However, Malacca’s fame had begun in line with the situation whereby the European nations began to expand their influence to the Eastern continent and Malacca was among the port cities which attracted their attention. In 1509, Diego Lopez De Squera from the Portuguese Royal Armada was the first Portuguese fleet to arrive in Malacca. After the repeated attacks in 1511, Malacca was finally captured by the Portuguese force headed by Alfonso d’ Albuquerque.

Sultan Mahmud Syah, the Malacca ruler at that time, retreated to Johore and once he stepped foot there, the Malays attempted to attack the Portuguese again but failed. One of the reasons for the Portuguese strength was the construction of the A’ Famosa fort as their defensive bastion.

The A’ Famosa Fort had furthermore strengthen the Portuguese grip over Malacca for the next 130 years. Until the year 1641, when Malacca fell into the hands of the Dutch through attacks and fierce battle between the two parties. Malacca City was almost destroyed and within one and a half century, the Dutch managed to rebuild and developed it as a military base due to its strategic location in controlling the Straits of Malacca.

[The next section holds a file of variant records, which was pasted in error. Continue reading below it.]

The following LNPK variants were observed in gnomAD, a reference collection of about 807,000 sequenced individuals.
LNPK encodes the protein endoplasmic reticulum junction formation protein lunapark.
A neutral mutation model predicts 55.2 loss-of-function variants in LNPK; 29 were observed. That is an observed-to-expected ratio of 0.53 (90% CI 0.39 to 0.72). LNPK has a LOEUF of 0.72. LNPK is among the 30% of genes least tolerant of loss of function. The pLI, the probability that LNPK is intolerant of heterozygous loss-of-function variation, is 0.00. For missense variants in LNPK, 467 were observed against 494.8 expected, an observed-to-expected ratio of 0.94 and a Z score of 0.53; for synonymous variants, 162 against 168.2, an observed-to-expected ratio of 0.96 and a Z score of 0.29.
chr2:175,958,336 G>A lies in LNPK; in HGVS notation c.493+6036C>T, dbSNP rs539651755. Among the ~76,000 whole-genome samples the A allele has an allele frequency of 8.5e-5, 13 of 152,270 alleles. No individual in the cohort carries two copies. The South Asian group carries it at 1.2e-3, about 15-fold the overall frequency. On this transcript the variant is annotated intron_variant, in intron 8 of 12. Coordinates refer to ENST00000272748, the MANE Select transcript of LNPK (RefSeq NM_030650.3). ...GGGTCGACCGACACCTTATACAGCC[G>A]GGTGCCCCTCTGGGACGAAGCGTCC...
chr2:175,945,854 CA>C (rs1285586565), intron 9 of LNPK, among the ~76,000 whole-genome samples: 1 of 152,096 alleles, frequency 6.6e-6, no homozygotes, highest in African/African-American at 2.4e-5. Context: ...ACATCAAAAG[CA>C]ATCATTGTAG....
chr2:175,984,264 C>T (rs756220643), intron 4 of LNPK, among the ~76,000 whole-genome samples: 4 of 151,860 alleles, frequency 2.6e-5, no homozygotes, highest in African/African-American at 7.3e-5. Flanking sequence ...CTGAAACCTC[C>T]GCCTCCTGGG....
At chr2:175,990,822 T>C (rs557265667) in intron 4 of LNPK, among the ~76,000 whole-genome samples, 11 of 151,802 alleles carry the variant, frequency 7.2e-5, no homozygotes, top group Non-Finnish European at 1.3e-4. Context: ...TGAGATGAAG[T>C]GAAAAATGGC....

In 1795, during the Napoleonic War, Malacca was handed over to the British East India Company temporarily to avoid from being captured by the French. Malacca was returned to the Dutch in 1818, through the Venice Agreement. Through the Anglo-Dutch Agreement or London Agreement 1824 which separated the British and Dutch colonial areas, the British regain control of Malacca and the northern area of the straits and Singapore while the Dutch at the southern part of the straits (the Indonesian Archipelago).       

From 1826 onwards, Malacca was administered by the British East India Company which was based in India. In 1827, the Straits Settlements (Malacca, Penang and Singapore) had become British colonies and was placed under the administration of the central government in London. The British sustained its power in the Malay states right up until the outbreak of World War II.

After the Japanese military surrendered in 1945, the British resumed its control in Malaya until the Federation of Malaya was finally declared an independent nation by Y.M. Tunku Abdul Rahman Putra Al-Haj, the first Prime Minister of Malaya on 31 August 1957.

Last Updated: Tuesday, 29 September 2020 - 3:10pm